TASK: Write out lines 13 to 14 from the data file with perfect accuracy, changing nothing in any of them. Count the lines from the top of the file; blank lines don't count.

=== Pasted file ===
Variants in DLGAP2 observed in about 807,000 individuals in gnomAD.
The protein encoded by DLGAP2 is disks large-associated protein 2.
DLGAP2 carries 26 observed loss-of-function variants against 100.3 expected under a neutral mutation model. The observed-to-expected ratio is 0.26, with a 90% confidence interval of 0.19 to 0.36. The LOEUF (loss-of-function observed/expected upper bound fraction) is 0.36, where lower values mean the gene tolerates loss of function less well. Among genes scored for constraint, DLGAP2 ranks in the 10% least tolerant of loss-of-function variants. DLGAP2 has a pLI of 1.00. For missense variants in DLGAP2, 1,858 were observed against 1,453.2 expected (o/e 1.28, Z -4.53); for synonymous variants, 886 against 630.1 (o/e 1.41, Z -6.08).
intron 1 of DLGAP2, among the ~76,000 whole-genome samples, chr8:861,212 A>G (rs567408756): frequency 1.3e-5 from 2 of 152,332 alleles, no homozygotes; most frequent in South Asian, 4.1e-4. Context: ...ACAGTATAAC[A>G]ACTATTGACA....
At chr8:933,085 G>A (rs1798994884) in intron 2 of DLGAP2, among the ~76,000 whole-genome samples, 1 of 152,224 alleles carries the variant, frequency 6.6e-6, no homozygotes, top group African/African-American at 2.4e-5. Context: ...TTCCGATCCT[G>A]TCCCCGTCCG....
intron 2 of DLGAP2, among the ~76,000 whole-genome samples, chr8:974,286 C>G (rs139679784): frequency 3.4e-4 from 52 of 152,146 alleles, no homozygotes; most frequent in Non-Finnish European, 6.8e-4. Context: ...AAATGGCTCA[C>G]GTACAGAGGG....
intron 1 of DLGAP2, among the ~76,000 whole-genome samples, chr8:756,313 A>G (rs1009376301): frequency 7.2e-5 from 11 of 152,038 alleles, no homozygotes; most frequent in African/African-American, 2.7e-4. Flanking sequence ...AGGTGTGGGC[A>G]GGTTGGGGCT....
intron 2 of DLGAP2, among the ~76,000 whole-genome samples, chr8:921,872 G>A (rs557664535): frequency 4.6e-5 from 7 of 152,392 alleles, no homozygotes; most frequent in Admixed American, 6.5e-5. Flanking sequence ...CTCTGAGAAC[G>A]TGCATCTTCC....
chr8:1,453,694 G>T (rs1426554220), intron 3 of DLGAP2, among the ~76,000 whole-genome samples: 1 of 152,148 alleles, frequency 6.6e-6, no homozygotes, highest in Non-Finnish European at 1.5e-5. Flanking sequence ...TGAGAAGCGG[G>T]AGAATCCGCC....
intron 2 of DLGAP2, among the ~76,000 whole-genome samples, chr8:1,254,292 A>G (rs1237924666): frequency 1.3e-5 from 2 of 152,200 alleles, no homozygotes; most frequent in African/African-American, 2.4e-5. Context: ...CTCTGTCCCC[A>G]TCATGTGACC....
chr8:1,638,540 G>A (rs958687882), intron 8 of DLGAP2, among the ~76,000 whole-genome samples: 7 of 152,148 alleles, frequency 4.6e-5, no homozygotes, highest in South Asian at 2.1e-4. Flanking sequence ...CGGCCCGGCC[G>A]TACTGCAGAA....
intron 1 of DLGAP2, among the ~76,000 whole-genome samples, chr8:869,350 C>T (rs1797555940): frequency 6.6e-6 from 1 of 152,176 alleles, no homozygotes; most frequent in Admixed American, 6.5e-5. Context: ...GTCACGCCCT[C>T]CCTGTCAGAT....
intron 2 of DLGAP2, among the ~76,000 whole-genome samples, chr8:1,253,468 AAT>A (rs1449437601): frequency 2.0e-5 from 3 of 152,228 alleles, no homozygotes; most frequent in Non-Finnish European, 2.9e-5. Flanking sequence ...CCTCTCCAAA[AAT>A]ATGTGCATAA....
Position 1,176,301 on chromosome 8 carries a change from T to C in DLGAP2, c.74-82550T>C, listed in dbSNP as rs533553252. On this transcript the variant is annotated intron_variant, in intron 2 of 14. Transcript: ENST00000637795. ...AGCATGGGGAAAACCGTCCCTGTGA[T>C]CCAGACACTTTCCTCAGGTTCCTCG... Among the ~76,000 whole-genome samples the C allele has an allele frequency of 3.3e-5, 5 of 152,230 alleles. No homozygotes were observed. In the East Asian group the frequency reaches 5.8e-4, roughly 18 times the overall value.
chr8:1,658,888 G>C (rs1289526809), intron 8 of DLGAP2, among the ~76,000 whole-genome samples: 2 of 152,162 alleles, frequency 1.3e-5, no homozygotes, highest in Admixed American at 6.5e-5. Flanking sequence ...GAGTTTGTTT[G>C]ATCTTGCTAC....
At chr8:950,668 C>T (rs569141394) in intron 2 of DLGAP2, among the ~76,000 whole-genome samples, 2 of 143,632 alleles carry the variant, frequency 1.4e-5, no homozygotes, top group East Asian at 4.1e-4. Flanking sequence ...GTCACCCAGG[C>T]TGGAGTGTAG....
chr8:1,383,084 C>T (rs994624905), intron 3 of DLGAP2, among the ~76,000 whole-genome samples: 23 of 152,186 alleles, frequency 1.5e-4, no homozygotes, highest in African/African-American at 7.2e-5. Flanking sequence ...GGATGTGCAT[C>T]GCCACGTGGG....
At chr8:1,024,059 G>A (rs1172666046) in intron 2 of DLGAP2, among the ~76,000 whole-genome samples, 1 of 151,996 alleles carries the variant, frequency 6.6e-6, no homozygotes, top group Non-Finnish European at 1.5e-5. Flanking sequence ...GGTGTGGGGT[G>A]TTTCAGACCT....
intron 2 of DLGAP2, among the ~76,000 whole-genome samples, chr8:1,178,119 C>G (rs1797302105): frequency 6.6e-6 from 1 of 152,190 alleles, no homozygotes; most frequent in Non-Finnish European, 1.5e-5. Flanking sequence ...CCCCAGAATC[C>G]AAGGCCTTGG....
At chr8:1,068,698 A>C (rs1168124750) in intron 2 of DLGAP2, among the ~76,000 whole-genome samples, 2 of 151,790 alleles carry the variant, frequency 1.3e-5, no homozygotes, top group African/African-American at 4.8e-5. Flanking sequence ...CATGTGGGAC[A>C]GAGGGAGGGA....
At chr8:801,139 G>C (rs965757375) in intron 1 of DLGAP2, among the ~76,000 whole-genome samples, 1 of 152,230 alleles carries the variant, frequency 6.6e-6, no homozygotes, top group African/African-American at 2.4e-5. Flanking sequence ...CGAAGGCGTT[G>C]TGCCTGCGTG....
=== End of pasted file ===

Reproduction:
intron 2 of DLGAP2, among the ~76,000 whole-genome samples, chr8:1,253,468 AAT>A (rs1449437601): frequency 2.0e-5 from 3 of 152,228 alleles, no homozygotes; most frequent in Non-Finnish European, 2.9e-5. Flanking sequence ...CCTCTCCAAA[AAT>A]ATGTGCATAA....
Position 1,176,301 on chromosome 8 carries a change from T to C in DLGAP2, c.74-82550T>C, listed in dbSNP as rs533553252. On this transcript the variant is annotated intron_variant, in intron 2 of 14. Transcript: ENST00000637795. ...AGCATGGGGAAAACCGTCCCTGTGA[T>C]CCAGACACTTTCCTCAGGTTCCTCG... Among the ~76,000 whole-genome samples the C allele has an allele frequency of 3.3e-5, 5 of 152,230 alleles. No homozygotes were observed. In the East Asian group the frequency reaches 5.8e-4, roughly 18 times the overall value.